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Thread: But and commas

  1. #1
    durianman is offline Newbie
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    Default But and commas

    Shopping is difficult, but it is fun to do.
    Shopping is difficult, but fun to do.
    In the second sentence does a subject need to be written out? Isn't it implied (an ellipsis)? Without the subject in the second clause it still needs a comma, right?
    Yet with "and " as a coordinating conjuction this is not true.
    I should not use a comma in the second phrase unless there is a subject and that subject must be written not implied
    Last edited by durianman; 19-Sep-2006 at 11:50. Reason: info

  2. #2
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    Default Re: But and commas

    Quote Originally Posted by durianman View Post
    Shopping is difficult, but it is fun to do.
    Shopping is difficult, but fun to do.
    In the second sentence does a subject need to be written out? Isn't it implied (an ellipsis)? Without the subject in the second clause it still needs a comma, right?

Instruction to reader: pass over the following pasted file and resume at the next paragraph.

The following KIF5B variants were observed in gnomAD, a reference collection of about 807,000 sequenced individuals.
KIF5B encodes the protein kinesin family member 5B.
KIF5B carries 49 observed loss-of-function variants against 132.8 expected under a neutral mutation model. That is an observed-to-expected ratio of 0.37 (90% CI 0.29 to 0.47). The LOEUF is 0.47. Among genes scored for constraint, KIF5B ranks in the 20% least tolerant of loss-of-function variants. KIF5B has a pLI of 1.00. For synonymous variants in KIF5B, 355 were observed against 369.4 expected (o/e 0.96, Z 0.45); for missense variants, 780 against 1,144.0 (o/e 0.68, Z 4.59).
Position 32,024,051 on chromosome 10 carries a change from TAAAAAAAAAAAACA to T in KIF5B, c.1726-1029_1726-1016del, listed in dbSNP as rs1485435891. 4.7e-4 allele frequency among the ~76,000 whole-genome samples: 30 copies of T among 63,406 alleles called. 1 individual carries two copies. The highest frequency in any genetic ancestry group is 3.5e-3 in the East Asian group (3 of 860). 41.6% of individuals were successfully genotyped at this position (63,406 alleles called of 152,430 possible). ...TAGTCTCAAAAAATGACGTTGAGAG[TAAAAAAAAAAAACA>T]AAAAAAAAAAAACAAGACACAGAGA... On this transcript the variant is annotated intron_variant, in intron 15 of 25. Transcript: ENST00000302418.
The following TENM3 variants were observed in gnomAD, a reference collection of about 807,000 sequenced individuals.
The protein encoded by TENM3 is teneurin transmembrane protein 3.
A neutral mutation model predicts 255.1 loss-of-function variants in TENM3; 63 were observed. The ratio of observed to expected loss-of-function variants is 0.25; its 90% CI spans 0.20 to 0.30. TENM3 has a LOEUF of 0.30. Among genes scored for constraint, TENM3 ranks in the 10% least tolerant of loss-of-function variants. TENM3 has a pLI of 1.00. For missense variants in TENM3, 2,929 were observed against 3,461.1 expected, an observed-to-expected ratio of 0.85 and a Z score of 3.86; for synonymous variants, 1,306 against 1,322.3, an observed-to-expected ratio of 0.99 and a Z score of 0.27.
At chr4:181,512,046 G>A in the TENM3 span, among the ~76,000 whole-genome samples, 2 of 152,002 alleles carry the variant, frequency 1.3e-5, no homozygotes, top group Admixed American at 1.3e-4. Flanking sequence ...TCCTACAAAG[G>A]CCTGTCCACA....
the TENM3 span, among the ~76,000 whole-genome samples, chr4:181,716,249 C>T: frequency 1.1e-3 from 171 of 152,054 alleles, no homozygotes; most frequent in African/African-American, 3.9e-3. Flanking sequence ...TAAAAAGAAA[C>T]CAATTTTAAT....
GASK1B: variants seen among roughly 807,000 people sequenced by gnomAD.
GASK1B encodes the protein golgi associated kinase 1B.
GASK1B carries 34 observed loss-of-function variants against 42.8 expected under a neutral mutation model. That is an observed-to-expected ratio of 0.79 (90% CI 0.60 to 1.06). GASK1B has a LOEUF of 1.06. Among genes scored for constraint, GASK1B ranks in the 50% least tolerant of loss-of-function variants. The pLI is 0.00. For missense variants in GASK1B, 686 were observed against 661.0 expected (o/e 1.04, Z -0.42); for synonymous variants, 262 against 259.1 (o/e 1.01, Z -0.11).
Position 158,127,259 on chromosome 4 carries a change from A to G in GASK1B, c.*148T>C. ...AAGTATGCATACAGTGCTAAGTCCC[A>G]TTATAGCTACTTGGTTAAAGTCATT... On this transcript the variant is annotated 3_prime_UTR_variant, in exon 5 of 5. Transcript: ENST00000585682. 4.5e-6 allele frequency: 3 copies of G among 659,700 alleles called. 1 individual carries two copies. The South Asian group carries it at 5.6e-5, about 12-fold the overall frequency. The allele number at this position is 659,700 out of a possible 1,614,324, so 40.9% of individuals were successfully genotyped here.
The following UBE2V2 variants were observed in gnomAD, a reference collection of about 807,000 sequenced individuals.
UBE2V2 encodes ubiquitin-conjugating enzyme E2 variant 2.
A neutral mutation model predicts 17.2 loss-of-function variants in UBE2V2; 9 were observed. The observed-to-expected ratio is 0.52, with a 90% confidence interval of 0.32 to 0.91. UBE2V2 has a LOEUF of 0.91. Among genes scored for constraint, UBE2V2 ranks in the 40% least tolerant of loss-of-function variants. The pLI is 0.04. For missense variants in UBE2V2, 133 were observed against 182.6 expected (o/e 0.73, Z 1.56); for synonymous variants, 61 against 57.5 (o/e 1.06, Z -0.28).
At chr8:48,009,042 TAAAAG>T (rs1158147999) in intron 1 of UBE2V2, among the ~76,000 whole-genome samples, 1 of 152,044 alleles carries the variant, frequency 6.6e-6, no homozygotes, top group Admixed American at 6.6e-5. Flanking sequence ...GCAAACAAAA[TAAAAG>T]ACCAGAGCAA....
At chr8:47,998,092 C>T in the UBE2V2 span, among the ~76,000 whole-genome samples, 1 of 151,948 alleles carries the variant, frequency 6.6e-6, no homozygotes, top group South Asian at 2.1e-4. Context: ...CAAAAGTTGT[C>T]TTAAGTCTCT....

Yet with "and " as a coordinating conjuction this is not true.
    I should not use a comma in the second phrase unless there is a subject and that subject must be written not implied
    The subject does not need to be written out - it is implied, as you correctly say. It also needs a comma, because there is a pause before 'but'.

    A comma is a punctuation mark denoting a speech pause, and that is the only rule that applies - not whether you use a conjunction or not. For example:

    1) "Working for a living is hard and boring."
    2) "Working for a living is hard, and boring."

    Both sentences are correct. In the first one, the conjunction is used to make a compound adjective - 'hard and boring'. In the second, the conjunction is used to connect the two phrases - it is a contraction of: "Working for a living is hard, and (it is) boring." This difference is indicated in speech by a pause in 2), and that is why the comma is used.

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